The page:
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The Guardian (p9) carries a feature on the two-page pamphlet that accompanies the 'focus files' on the welfare syst...
The Guardian (p9) carries a feature on the two-page pamphlet that accompanies the 'focus files' on the welfare system. The pamphlet centres on three principles from the Beveridge Report:

- society has a responsibility to help people in genuine need, who are unable to look after themselves

- individuals have a responsibility to help to provide for themselves when they can do so

- work is the best route out of poverty for people who are able to work

Professor of social policy at Loughborough university Ruth Lister is quoted as saying that the focus files are resonant of what the Conservative government had said in a corresponding report in 1993. 'The sense is very much of preparing people for more means-testing, more private provision.'

The Guardian also features a breakdown of Labour's proposals. On the question of housing, it is pointed out that the combined effect of increases in rents charged by councils and housing associations, and abolition of rent controls for the private sector has increased those seeking housing subsidies. Policy director of the Institute of Housing John Perry is quoted:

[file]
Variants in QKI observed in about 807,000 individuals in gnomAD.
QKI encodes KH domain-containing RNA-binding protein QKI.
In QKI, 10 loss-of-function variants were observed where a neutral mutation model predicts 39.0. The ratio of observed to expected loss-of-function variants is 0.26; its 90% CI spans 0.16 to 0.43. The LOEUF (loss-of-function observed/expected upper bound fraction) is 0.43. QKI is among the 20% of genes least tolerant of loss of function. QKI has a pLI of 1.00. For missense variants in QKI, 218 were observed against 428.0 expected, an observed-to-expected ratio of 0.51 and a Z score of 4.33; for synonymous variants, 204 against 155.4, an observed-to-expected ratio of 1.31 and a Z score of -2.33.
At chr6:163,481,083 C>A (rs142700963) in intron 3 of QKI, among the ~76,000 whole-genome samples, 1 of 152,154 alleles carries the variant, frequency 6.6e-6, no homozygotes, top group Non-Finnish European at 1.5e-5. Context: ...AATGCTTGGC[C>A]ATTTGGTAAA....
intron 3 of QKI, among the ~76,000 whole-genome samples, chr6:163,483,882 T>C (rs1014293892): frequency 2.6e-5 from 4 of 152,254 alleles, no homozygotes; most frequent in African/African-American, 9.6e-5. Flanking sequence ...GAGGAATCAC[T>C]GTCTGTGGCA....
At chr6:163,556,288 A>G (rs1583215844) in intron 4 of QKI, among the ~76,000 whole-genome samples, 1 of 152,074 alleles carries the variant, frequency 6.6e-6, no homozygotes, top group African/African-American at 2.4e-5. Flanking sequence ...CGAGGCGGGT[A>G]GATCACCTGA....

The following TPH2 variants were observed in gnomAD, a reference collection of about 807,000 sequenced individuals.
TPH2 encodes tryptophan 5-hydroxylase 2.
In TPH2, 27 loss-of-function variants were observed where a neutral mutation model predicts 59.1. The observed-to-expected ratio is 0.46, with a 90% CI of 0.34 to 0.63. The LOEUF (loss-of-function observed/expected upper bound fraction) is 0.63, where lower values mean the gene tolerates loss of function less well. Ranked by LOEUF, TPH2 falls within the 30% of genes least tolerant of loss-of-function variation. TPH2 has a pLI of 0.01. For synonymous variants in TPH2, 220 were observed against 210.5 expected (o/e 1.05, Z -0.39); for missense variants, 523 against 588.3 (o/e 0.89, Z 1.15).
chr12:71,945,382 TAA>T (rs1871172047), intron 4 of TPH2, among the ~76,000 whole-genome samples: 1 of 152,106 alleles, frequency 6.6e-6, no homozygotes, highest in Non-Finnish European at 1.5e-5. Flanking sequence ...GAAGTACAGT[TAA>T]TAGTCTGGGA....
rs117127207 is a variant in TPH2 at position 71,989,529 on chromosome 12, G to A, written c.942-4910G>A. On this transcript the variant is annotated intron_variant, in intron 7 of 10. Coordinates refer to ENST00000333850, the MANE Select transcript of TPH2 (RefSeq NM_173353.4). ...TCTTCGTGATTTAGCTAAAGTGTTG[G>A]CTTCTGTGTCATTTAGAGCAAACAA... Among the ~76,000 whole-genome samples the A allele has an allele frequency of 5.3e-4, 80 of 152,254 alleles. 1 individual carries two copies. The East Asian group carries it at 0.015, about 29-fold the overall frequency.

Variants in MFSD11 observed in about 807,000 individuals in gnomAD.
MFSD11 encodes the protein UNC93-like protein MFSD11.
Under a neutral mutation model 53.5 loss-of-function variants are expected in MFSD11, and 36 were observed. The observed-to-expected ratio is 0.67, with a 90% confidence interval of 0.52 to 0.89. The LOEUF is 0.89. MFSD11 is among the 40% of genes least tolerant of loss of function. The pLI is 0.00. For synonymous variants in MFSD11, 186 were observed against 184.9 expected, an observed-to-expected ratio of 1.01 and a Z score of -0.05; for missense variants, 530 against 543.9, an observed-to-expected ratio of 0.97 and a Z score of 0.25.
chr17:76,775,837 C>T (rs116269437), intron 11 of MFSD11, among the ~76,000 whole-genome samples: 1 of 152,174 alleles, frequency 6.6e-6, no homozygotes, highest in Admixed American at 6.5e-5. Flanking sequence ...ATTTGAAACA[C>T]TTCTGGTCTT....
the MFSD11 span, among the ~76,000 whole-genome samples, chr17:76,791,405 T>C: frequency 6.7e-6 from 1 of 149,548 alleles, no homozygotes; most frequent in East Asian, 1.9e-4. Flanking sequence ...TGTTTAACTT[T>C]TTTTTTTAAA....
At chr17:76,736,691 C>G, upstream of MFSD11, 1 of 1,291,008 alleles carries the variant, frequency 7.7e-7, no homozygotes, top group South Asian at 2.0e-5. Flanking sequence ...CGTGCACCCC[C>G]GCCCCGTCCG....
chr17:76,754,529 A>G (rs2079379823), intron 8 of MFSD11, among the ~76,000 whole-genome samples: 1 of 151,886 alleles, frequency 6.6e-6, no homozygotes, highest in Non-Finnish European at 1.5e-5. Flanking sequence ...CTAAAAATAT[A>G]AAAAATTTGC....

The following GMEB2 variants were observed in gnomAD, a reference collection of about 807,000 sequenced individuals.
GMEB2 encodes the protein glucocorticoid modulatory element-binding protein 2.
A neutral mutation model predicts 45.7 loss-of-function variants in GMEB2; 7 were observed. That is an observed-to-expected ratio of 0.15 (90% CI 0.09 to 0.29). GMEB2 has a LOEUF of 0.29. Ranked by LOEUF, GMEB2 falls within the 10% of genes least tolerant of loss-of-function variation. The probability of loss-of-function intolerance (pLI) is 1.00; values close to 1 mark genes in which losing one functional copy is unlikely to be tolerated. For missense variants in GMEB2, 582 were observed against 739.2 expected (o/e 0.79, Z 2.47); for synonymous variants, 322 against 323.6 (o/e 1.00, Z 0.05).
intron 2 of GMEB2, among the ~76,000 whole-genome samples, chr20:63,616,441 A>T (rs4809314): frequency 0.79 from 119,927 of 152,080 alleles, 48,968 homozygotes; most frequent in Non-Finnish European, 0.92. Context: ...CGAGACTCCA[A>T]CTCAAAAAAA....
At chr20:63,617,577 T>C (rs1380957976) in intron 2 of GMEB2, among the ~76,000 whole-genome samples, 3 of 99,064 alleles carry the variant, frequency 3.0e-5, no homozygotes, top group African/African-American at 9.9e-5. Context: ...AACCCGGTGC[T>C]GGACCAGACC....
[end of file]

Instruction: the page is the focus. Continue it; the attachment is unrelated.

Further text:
'One factor not mentioned in the focus file was that the real value of social security allowances other than housing benefit had fallen since 1979, limiting people's ability to draw on those to help with housing costs. The problem about this debate tends to be a narrow concentration on housing benefit costs having grown exponentially, with no regard to the bigger picture. It's the bigger picture we need to get in focus.'

Meanwhile, The Daily Telegraph (p1) records the opinion of minister for welfare reform frank Field. He claims to be seeking evolutionary reform rather than the 'big bang approach'. Field's acknowledgement that there was no 'simple panacea' to welfare dependency is seen by the Telegraph as confirmation that the treasury has forced him to scale down some of his ideas.

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